HAWMC Day 30 (And A Few Others) – Fin

hawmc day 30

Thought this was going to be easy-peasy: 30 days of writing about my health and health activism. Perhaps if I didn’t have a life and a toddler and didn’t go on a two week holiday to see family, it would have been. None the less, here we are on Day 30 of the Wego Health challenge, and it’s time for a little reflection (and a little catch up, too…). Here are the final prompts:

What have I learned from this experience? (Day 30)

That we all have something to say about how we (or our family members) feel. I’ve read blogs about autism and RA and depression and diabetes from a parent’s perspective. I just scratched the surface of learning about other chronic illnesses. It’s truly humbling to explore the illness world outside of your own tiny corner and listen to each person’s voice. (I’ve never been a fan of Wordless Wednesdays, which I believe is a cheat when it comes to a “writing challenge”.)

While the Wego Challenge was going on, our own Diabetes Online Community discussed a petition for a name change of what we call the two main types of diabetes, with the petitioner’s claim that the public doesn’t know the difference. They’re right, but it’s because, if you don’t have diabetes or aren’t impacted by the disease, you don’t know a lot about it in general. I also don’t know a lot about the different types of autism or the myriad of depression categories (or what the proper terms to call someone who is suffering from them), so I find it difficult to get angry that people don’t know. It’s up to us – health activists – to teach others – and this challenge was a great way for me to learn.

Share three things you love about yourself. (Day 29)

  • I’ll never be Tom Robbins (Damn, Jitterbug Perfume will make you think about beets and immortality in a new light…), Christopher Moore (Lamb? Haven’t read it? Do not pass go or collect $200. One of the funniest books I have ever read. The tagline: The Gospel According to Biff.), or even Keri Arthur (Smut smut, glorious smut.), but I love to write. I’m long-winded and wish I could turn a phrase that makes you stop breathing, but I hold my own. Will I ever write a book? Who knows? Will it be about diabetes? Probably not. (But maybe zombies or time travel or diabetic zombies who time travel… working on plots suck.)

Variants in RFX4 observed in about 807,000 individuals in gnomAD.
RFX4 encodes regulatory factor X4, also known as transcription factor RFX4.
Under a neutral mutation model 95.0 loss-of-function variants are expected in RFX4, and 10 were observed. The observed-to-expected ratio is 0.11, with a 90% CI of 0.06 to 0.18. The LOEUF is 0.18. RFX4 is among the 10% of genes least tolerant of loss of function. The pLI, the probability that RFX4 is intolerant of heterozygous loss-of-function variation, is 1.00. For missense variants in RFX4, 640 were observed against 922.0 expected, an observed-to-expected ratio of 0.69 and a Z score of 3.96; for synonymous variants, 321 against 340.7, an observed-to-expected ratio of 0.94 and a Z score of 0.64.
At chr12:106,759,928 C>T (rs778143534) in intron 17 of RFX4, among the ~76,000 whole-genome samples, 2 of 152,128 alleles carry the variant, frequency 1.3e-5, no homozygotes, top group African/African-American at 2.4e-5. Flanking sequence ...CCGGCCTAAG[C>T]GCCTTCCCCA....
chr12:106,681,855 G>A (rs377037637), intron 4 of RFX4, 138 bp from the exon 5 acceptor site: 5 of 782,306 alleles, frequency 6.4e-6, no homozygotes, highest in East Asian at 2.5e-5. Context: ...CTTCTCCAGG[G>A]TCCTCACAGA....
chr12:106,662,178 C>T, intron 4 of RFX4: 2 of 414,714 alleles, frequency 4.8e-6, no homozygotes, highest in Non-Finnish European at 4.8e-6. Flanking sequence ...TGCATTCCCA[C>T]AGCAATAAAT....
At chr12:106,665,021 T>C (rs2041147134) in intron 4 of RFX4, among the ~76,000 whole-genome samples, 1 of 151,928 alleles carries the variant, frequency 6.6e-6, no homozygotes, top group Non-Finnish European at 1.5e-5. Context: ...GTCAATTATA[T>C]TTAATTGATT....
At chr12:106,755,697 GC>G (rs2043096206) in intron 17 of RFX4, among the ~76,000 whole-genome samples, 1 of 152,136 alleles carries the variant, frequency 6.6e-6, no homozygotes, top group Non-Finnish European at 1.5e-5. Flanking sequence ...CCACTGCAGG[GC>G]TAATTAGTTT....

• I make people laugh. When I was growing up, I was incredibly sensitive and could never laugh at myself. (My family can still push all of my buttons and light me up like a pinball machine in about 30 seconds.) But I learned that I’m funny and that laughing at yourself is the first step in making others giggle. No standup comedy club circuit for me, but I do enjoy making those around me happy. (And my daughter’s chortle? Best sound ever.)
  • I’m still growing. I love that. I’m a zig-zag grower: two steps forward, one step back, change direction and move on. I’m willing to look at other options now and give things a chance (I wasn’t always like this, so it’s a big deal.). I’m still feisty and stubborn most of the time, but I’m getting better… and that’s growth.

If I wrote a book about my life, what would I title it?  (Day 27)

Time Traveling Diabetic Zombie 

(Maybe I need to work on the title and the plot.)

So, this is the end of the road for this year’s HAWMC. I’ll get a nifty badge to put on my blog and you’ll get my snarky self back a few times a week with things pertaining to diabetes and my life. Thanks for reading this month!

Get it? Tail fin? Fin? ::sigh::
Get it? Tail fin? Fin? ::sigh::


HAWMC Day 28: Fo-Lo-Lo-Lo-Low

Day 28

Wego Health’s prompt today is: Create a “must follow list” for a single social media network, offering up five people in your community. So, here’s my Fo-Lo-Lo-Lo-Low list. (I know it’s not close to Christmas, but…sing away.)

Twitter, as I’ve said before, is chock-a-lock full of interesting diabetes tidbits and people who share those tidbits. If you’re not a Twitter aficionado, I’m going to give you who I think you should check out. Even if you don’t have a Twitter account, you can see what sweety tweety goodness that someone has to offer by putting their twitter handle into Google (don’t forget the @).

For instance, if you type @theperfectdblog into Google’s search bar, the first result is my Twitter page, which lists all of my tweets. (Or you can follow me on Twitter ::hint hint::.)

Circle of PeepsI follow these people on Twitter because they either give great links, great comfort, or great interaction. Check them out:

@diabetesmine – Got to say, I love these peeps for their great articles and insights about diabetes, whether it be research or the DOC. Founded by Amy Tenderich with contributors I adore like Wil DuBois and Mike Hoskins, it’s a good resource.

@Colcalli – Lorraine is a D-Mom of T1 superstar Caleb and a DOC blogger at www.thisiscaleb.com. As a former child T1 who was almost a teen when I was diagnosed, I’d never really spent a lot of time thinking about a parent’s perspective on diabetes. Lorraine has changed that and I’m trilled that I found her.

@CureT1Diabetes – Ellen has the pulse on what I want to read. I’ve gotten such great links from her tweets that I’ve had to limit myself to choosing just a few at a time or I’d never get things done. She is also a mom of a T1 and a tireless advocate.

@CGMBDiabetesDuo – It’s Captain Glucose and Meter Boy for the win. They are my giggles for the day and should be for yours as well!

@Strangely_T1 – Scott’s a T1 with great links and even better insight. Seriously, follow this dude.

There are more…many many more. If you follow me, you can pilfer my list of d-peeps. Please do!


HAWMC Day 26 – Decision Fatigue

In the final stretch of Wego Health’s 30 day challenge to juice everything I eat, including juice write about my health activism, today’s prompt is to talk about a day in which I would have liked it to be worry-free. How would have impacted the day?

It’s too easy to pick a “special day”. Sure, my wedding day (both of them, because you know, if you like it, do it more than once…) or a birthday or convocation or the day I gave birth to my daughter or something like that, but really… what I want?